NON-PERSON – An anagram (confuse) of SPOONER N N (two names).


1 Haggard queen infiltrates women’s groups making demands (6)
WISHES – The name of Rider Haggard’s queen inside the abbreviation for Women’s Institutes (pluralised form).

2 They identify irrelevant politicians, drinking coffee half the time (10)
NAMEPLATES – The abbreviation for not applicable (irrelevant) followed by the abbreviation for a member of the European parliament and a type of coffee with one of the Ts removed (half time).

3 Italian on vacation looked after fiancée (8)
INTENDED – The outer letters (on vacation) of Italian followed by a word meaning looked after or cared for.

4 Lady in work unit lifting building material (7)
GRANITE – The name of a lady (such as the singer ???? Turner) inside the name of a measurement of the amount of work all reversed (lifting).

5 Harry Potter’s rebellion? (7)
PROTEST – An anagram (harry) of POTTERS.

6 Significance of my name being Ruby, perhaps? (6)
IMPORT – A short way of saying my name followed by the name of a drink of which ruby is an example.

7 Shy playmates? (4)
CAST – Double definition of a word to throw or shy and a group of actors in a play.

8 Whips available from Emmanuelle at her salon? (8)
LEATHERS – The answer is hidden (available from) in EMMANUELLE AT HER SALON.

14 Block of flats is screened for development (10)
RESIDENCES – An anagram (for development) of IS SCREENED.

16 Reminder: it’s sadistic cutting off hands (3)
CUE – A word meaning sadistic has the abbreviations for left and right (hands) removed (cutting off).

17 Gets in a clinch with slapper – crumpled after beginning to gag (8)
GRAPPELS – An anagram (crumpled) of SLAPPER after the first letter (beginning to) of gag.

18 Fob off resolute attempt to up the ante? (8)
REDOUBLE – A word meaning resolute has the TAB (fob) removed (off).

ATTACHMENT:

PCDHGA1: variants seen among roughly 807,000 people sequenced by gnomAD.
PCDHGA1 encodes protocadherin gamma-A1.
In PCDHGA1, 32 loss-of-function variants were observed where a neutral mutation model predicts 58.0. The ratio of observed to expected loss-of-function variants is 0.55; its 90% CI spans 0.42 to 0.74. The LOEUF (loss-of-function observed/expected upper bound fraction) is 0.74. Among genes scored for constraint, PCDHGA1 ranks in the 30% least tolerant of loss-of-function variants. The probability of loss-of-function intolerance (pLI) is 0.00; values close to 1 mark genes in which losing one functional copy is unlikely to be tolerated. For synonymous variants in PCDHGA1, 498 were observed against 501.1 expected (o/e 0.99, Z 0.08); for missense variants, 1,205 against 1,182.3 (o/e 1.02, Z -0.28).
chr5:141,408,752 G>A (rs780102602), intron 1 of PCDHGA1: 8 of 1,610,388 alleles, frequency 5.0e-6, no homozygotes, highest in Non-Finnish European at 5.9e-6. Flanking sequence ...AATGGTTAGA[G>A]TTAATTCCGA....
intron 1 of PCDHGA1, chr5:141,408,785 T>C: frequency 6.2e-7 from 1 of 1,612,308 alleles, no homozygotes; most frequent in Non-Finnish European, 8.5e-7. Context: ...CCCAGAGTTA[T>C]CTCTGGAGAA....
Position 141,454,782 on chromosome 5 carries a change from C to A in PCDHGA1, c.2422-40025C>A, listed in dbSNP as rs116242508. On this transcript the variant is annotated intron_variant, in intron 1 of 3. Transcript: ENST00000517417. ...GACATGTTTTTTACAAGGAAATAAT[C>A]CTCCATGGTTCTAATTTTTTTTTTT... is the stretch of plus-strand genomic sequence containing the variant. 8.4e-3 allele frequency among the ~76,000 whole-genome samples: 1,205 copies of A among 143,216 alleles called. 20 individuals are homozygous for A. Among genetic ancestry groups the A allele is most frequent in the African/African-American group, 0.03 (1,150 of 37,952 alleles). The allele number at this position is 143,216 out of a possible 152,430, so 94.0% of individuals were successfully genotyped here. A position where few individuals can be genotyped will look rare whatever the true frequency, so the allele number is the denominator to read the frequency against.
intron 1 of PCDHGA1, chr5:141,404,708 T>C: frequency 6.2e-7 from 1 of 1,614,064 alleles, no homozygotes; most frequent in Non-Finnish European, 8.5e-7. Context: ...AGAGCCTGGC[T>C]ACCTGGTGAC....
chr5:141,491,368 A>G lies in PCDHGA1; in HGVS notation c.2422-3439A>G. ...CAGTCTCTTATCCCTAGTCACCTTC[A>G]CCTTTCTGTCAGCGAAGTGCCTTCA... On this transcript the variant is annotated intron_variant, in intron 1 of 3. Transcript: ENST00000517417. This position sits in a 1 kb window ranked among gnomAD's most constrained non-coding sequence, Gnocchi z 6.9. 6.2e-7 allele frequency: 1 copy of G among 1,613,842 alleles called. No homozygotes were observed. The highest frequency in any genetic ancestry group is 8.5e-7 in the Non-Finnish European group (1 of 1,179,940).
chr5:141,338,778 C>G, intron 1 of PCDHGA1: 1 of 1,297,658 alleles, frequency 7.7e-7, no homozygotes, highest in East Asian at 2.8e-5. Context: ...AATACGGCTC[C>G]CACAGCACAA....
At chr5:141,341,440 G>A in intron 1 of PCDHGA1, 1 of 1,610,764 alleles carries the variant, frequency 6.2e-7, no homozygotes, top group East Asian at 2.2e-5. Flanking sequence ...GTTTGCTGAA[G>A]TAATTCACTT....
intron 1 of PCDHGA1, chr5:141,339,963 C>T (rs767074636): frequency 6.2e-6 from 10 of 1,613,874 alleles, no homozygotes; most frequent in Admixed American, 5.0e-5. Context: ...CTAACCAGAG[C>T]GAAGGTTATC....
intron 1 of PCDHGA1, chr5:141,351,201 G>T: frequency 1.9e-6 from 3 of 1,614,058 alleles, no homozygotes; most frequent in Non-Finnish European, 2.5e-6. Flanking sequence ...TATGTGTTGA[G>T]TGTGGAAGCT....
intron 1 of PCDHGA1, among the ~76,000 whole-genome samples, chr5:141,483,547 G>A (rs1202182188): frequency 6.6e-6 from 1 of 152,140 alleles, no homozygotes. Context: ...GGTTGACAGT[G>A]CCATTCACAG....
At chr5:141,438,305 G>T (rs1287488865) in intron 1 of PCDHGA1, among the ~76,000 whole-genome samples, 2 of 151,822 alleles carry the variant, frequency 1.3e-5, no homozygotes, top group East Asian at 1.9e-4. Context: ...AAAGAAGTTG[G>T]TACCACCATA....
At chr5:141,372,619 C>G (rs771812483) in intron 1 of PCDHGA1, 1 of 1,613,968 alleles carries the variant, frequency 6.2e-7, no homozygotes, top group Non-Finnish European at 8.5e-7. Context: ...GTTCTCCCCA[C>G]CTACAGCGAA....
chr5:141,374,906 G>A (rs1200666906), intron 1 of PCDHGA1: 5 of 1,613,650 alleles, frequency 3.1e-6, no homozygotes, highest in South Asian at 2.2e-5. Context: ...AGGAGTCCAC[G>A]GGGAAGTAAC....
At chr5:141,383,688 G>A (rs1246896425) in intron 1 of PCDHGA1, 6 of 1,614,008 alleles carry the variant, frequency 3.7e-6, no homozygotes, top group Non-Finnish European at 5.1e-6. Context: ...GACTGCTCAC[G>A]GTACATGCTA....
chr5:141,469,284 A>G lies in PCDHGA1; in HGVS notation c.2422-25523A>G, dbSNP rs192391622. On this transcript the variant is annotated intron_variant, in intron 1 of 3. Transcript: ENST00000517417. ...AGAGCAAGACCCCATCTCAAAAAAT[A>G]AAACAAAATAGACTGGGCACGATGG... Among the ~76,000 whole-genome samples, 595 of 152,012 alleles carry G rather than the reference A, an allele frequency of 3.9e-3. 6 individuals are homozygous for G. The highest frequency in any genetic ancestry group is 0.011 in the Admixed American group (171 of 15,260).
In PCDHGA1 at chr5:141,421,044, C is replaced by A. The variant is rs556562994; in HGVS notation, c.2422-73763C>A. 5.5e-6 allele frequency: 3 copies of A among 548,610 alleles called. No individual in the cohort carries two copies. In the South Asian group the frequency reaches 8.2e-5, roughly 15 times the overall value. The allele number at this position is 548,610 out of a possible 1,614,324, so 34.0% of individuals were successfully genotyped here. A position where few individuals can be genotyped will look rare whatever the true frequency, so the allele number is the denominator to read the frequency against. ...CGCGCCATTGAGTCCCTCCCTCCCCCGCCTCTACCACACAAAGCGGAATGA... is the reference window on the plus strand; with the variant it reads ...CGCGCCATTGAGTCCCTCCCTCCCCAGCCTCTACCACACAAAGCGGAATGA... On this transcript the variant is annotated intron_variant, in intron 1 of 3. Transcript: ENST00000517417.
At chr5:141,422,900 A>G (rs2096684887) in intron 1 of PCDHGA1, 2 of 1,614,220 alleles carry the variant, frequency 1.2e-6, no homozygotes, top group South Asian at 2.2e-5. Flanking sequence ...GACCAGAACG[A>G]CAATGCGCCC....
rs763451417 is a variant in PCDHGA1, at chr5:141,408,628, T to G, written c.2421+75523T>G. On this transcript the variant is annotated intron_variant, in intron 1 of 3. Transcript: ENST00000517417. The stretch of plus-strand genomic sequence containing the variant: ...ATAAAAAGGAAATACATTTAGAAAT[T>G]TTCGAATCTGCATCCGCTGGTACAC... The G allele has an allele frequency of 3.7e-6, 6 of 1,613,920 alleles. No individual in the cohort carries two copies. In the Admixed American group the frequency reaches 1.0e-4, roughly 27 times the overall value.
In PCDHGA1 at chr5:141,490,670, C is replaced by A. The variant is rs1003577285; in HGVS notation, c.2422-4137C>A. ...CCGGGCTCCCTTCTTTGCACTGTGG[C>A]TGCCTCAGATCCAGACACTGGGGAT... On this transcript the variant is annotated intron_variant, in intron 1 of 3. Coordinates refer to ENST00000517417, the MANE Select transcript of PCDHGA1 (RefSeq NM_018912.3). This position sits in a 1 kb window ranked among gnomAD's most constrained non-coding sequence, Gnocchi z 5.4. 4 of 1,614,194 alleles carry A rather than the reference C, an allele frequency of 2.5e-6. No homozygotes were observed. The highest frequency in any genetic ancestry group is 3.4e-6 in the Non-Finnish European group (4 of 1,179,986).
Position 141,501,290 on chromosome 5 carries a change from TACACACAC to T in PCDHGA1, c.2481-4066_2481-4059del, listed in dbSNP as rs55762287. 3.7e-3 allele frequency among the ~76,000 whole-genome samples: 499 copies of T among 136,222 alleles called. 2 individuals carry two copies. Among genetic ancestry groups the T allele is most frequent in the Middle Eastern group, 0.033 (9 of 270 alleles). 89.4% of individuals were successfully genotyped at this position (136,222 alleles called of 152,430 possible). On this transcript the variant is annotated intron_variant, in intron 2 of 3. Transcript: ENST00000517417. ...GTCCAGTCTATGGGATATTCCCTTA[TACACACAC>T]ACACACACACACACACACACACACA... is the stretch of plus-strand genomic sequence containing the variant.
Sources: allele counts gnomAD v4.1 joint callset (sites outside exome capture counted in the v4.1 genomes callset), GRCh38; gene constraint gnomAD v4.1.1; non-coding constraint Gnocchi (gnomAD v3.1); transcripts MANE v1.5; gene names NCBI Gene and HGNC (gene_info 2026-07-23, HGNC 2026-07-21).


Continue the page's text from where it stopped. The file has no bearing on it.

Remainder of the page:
19 Regional German Ambassador heads evil forces in a manoeuvre (7)
HESSIAN – The abbreviation for an ambassador before (heads) the abbreviation for the German evil forces and an anagram (manoeuvre) of INA.

20 Entertainment displaying a lack of inhibition? (7)
ABANDON – Split 1, 4, 2, the answer could be a form of entertainment.

22 Express willingness to agree over issue (for compensation) (6)
AMENDS – A word expressing agreement at the end of a prayer followed by the abbreviations for daughter and son (issue).  I think that issue in the singular is fine as one or more children can be the issue of their parents and you would not describe them as issues.  That being said, the path to the solution does require quite a lot of the solver to get from issue to children then to daughter and son both being abbreviated. 

23 Accommodate fool (4,2)
TAKE IN – Double definition for a phrase meaning to provide housing for someone and to dupe someone.

26 Thanks for turning up –  work is over (4)
ATOP – Reverse (for turning up) a word meaning thanks and follow it with the abbreviation for work.


43 comments on “Rookie Corner – 115

  1. Another excellent Rookie puzzle that took us well into “toughie time”. We are still not sure how the wordplay for 18d works but will keep worrying away at it. Lot’s of really clever clues in here and much appreciated.
    Thanks Starhorse.

  2. Thank you to Starhorse for an enjoyable start to Monday morning – difficulty wise on the cusp between hard back pager and easy Toughie.

    I have a couple of quibbles but I’ll leave it for Prolixic to comment on them as I am sure he will.

  3. Very enjoyable – thanks Starhorse. This seemed to be relatively easy at the top but get much trickier towards the bottom. I’m not really convinced by the ‘issue’ in 22d. I enjoyed the misdirection at 29a but I’ll pick out 21a, 27a and 7d for the podium.

  4. There’s a few I can’t parse, and I also found the bottom half quite tough, but very enjoyable and 6d made me chuckle. 7d was also very nice. 26 d also had an excellent surface for a final clue. Thanks Starhorse

    1. Thanks Beet, I did wonder if people would get to 26d and think “Yep, that was too much like work, time for some leisure…”